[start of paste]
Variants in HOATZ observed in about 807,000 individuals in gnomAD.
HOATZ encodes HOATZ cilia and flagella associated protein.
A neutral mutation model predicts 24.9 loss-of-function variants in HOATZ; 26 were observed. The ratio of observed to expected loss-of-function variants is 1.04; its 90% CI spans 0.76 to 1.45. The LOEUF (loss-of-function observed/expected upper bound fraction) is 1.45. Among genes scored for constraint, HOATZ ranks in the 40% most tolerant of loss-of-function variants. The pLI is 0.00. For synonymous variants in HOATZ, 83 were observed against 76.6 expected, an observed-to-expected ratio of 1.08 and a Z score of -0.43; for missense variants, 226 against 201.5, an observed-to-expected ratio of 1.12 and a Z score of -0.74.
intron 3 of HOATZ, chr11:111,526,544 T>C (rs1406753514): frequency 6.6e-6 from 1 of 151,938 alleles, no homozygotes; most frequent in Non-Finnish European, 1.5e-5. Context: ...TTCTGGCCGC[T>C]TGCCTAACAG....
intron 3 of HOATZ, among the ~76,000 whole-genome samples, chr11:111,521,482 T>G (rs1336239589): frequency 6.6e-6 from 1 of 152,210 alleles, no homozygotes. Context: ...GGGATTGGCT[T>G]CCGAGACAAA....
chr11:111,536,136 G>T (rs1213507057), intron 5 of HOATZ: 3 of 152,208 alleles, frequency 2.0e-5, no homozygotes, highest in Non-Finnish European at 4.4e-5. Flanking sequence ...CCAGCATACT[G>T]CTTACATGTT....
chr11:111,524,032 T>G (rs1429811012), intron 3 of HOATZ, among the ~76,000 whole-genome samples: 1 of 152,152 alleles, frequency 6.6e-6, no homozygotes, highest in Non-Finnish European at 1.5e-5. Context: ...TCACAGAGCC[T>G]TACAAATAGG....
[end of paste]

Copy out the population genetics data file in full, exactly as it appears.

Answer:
Variants in HOATZ observed in about 807,000 individuals in gnomAD.
HOATZ encodes HOATZ cilia and flagella associated protein.
A neutral mutation model predicts 24.9 loss-of-function variants in HOATZ; 26 were observed. The ratio of observed to expected loss-of-function variants is 1.04; its 90% CI spans 0.76 to 1.45. The LOEUF (loss-of-function observed/expected upper bound fraction) is 1.45. Among genes scored for constraint, HOATZ ranks in the 40% most tolerant of loss-of-function variants. The pLI is 0.00. For synonymous variants in HOATZ, 83 were observed against 76.6 expected, an observed-to-expected ratio of 1.08 and a Z score of -0.43; for missense variants, 226 against 201.5, an observed-to-expected ratio of 1.12 and a Z score of -0.74.
intron 3 of HOATZ, chr11:111,526,544 T>C (rs1406753514): frequency 6.6e-6 from 1 of 151,938 alleles, no homozygotes; most frequent in Non-Finnish European, 1.5e-5. Context: ...TTCTGGCCGC[T>C]TGCCTAACAG....
intron 3 of HOATZ, among the ~76,000 whole-genome samples, chr11:111,521,482 T>G (rs1336239589): frequency 6.6e-6 from 1 of 152,210 alleles, no homozygotes. Context: ...GGGATTGGCT[T>G]CCGAGACAAA....
chr11:111,536,136 G>T (rs1213507057), intron 5 of HOATZ: 3 of 152,208 alleles, frequency 2.0e-5, no homozygotes, highest in Non-Finnish European at 4.4e-5. Flanking sequence ...CCAGCATACT[G>T]CTTACATGTT....
chr11:111,524,032 T>G (rs1429811012), intron 3 of HOATZ, among the ~76,000 whole-genome samples: 1 of 152,152 alleles, frequency 6.6e-6, no homozygotes, highest in Non-Finnish European at 1.5e-5. Context: ...TCACAGAGCC[T>G]TACAAATAGG....